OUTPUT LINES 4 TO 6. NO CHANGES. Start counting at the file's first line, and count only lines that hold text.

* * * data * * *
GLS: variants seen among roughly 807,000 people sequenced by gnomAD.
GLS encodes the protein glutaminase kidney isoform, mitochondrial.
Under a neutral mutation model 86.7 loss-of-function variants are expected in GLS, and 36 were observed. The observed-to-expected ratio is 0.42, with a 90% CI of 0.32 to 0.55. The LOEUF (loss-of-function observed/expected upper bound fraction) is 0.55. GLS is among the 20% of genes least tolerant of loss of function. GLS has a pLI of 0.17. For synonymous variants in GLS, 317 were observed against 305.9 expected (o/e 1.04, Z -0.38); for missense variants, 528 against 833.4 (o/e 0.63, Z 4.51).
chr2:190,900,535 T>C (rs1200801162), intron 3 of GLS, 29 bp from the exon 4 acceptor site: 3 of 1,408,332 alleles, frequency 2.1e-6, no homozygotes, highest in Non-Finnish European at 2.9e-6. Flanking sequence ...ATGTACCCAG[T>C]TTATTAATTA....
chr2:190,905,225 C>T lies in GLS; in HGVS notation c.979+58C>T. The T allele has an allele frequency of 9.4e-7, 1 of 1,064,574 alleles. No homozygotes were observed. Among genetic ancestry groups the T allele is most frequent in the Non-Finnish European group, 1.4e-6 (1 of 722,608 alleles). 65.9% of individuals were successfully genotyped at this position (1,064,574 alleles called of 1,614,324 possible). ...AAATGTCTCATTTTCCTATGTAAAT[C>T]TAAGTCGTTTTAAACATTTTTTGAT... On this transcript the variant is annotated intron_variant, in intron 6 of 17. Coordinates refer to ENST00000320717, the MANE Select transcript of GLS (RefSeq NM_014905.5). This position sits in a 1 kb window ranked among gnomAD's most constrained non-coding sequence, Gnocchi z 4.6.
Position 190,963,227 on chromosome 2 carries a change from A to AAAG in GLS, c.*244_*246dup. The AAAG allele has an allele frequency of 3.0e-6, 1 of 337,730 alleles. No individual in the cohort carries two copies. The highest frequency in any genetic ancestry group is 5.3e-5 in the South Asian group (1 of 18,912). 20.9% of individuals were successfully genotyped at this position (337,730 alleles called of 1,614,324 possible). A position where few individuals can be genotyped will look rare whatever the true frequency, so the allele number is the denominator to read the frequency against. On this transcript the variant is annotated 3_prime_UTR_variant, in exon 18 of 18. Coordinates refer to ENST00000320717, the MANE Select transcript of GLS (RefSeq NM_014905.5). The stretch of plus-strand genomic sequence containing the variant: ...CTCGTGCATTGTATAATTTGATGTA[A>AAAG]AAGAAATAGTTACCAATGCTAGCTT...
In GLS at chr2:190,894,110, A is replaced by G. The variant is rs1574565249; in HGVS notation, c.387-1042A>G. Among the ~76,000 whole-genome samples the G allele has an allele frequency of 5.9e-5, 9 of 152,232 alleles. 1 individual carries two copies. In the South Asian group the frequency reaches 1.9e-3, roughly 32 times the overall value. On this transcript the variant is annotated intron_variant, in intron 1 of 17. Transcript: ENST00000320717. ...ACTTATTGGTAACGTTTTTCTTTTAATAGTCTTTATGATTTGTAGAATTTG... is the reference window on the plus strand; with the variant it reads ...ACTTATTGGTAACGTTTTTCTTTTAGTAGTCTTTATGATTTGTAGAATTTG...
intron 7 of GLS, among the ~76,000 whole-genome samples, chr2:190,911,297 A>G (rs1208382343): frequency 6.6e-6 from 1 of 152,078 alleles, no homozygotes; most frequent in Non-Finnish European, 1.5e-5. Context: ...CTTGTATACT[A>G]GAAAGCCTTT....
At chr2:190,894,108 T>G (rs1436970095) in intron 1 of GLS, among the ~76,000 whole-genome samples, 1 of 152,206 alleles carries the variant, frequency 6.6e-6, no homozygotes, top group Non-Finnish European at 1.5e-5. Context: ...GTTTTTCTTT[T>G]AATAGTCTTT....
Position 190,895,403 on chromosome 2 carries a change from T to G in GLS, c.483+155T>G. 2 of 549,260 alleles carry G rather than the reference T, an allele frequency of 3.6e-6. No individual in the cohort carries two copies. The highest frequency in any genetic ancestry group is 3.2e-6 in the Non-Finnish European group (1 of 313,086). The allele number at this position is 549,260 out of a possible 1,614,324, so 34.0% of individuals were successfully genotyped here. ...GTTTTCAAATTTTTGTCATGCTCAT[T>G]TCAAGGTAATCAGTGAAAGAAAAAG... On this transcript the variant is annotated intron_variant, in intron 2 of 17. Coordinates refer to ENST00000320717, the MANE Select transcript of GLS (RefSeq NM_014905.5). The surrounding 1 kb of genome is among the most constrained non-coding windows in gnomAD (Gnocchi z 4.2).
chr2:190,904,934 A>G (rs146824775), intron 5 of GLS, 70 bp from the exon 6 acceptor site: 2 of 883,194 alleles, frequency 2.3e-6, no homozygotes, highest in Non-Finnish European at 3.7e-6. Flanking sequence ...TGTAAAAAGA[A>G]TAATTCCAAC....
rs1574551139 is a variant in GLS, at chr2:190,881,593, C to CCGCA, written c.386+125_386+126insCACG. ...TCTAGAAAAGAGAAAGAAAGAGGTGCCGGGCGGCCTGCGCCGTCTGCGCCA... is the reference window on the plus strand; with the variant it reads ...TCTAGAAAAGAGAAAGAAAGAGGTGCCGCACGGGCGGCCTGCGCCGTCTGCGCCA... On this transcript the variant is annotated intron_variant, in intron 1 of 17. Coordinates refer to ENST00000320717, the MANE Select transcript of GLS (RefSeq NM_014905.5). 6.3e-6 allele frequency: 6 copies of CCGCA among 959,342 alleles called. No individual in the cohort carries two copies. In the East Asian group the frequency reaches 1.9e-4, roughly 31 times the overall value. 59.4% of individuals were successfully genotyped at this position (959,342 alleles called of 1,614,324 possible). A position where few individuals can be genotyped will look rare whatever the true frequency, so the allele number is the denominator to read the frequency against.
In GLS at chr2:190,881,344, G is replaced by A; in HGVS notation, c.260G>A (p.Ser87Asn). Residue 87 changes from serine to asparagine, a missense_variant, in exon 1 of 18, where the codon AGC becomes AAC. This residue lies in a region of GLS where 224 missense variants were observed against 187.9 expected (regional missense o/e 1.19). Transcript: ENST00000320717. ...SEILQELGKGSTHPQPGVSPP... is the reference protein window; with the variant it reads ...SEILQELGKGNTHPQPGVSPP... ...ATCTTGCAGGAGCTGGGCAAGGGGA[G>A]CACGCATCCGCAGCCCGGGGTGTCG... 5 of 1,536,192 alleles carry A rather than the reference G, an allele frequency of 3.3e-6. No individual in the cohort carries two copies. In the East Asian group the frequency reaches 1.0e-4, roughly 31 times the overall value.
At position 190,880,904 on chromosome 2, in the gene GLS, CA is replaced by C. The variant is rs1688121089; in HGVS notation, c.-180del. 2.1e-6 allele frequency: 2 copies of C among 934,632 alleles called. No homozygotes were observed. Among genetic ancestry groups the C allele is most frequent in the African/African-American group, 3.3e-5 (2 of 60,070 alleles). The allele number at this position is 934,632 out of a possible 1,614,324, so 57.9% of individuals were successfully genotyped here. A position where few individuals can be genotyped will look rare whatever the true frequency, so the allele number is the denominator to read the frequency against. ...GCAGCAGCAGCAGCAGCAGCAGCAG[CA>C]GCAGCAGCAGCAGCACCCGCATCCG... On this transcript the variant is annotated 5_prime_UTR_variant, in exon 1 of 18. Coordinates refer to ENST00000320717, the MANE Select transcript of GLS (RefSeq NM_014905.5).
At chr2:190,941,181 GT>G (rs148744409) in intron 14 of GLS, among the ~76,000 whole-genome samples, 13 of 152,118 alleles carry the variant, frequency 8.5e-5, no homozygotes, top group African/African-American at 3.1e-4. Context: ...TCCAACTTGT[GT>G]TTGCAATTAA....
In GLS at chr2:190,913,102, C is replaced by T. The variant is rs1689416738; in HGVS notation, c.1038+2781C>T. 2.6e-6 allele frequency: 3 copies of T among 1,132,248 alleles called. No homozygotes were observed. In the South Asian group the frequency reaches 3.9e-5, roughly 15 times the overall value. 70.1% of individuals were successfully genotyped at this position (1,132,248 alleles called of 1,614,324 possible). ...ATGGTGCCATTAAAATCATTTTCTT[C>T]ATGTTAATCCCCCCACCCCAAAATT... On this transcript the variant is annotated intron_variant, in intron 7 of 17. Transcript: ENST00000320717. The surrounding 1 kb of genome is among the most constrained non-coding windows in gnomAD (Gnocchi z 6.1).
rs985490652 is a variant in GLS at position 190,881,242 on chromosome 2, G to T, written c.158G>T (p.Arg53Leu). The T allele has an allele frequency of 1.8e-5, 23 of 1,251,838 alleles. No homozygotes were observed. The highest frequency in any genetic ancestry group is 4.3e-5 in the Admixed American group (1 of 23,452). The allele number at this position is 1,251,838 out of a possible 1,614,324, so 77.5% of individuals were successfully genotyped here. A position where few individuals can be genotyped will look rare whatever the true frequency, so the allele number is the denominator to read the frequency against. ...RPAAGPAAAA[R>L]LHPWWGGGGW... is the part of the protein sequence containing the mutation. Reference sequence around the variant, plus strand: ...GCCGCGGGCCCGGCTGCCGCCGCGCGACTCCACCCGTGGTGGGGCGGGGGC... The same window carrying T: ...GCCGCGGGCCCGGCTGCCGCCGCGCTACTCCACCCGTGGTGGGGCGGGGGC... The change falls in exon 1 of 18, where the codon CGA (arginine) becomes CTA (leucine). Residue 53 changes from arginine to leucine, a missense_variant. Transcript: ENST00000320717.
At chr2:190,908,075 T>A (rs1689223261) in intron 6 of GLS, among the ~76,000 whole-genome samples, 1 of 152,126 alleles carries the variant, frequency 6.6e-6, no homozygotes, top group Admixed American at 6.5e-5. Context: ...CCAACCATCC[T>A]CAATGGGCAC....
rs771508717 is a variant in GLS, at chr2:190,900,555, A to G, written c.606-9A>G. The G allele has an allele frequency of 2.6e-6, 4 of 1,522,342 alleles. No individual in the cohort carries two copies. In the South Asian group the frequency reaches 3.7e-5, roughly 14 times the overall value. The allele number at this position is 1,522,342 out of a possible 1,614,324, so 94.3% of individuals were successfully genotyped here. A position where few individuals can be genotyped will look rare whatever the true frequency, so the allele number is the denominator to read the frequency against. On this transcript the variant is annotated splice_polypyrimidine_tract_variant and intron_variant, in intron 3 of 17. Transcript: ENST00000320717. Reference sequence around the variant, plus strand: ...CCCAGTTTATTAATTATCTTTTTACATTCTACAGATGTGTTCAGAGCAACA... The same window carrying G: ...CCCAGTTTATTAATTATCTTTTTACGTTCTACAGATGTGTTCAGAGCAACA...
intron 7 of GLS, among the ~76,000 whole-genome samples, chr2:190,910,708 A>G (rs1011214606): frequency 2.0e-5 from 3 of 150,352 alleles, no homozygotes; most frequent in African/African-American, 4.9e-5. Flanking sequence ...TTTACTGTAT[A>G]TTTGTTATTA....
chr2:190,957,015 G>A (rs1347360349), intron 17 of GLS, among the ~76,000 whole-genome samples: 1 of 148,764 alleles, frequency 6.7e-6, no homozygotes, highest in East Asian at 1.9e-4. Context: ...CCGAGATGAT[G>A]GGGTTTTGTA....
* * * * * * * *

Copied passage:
chr2:190,900,535 T>C (rs1200801162), intron 3 of GLS, 29 bp from the exon 4 acceptor site: 3 of 1,408,332 alleles, frequency 2.1e-6, no homozygotes, highest in Non-Finnish European at 2.9e-6. Flanking sequence ...ATGTACCCAG[T>C]TTATTAATTA....
chr2:190,905,225 C>T lies in GLS; in HGVS notation c.979+58C>T. The T allele has an allele frequency of 9.4e-7, 1 of 1,064,574 alleles. No homozygotes were observed. Among genetic ancestry groups the T allele is most frequent in the Non-Finnish European group, 1.4e-6 (1 of 722,608 alleles). 65.9% of individuals were successfully genotyped at this position (1,064,574 alleles called of 1,614,324 possible). ...AAATGTCTCATTTTCCTATGTAAAT[C>T]TAAGTCGTTTTAAACATTTTTTGAT... On this transcript the variant is annotated intron_variant, in intron 6 of 17. Coordinates refer to ENST00000320717, the MANE Select transcript of GLS (RefSeq NM_014905.5). This position sits in a 1 kb window ranked among gnomAD's most constrained non-coding sequence, Gnocchi z 4.6.
Position 190,963,227 on chromosome 2 carries a change from A to AAAG in GLS, c.*244_*246dup. The AAAG allele has an allele frequency of 3.0e-6, 1 of 337,730 alleles. No individual in the cohort carries two copies. The highest frequency in any genetic ancestry group is 5.3e-5 in the South Asian group (1 of 18,912). 20.9% of individuals were successfully genotyped at this position (337,730 alleles called of 1,614,324 possible). A position where few individuals can be genotyped will look rare whatever the true frequency, so the allele number is the denominator to read the frequency against. On this transcript the variant is annotated 3_prime_UTR_variant, in exon 18 of 18. Coordinates refer to ENST00000320717, the MANE Select transcript of GLS (RefSeq NM_014905.5). The stretch of plus-strand genomic sequence containing the variant: ...CTCGTGCATTGTATAATTTGATGTA[A>AAAG]AAGAAATAGTTACCAATGCTAGCTT...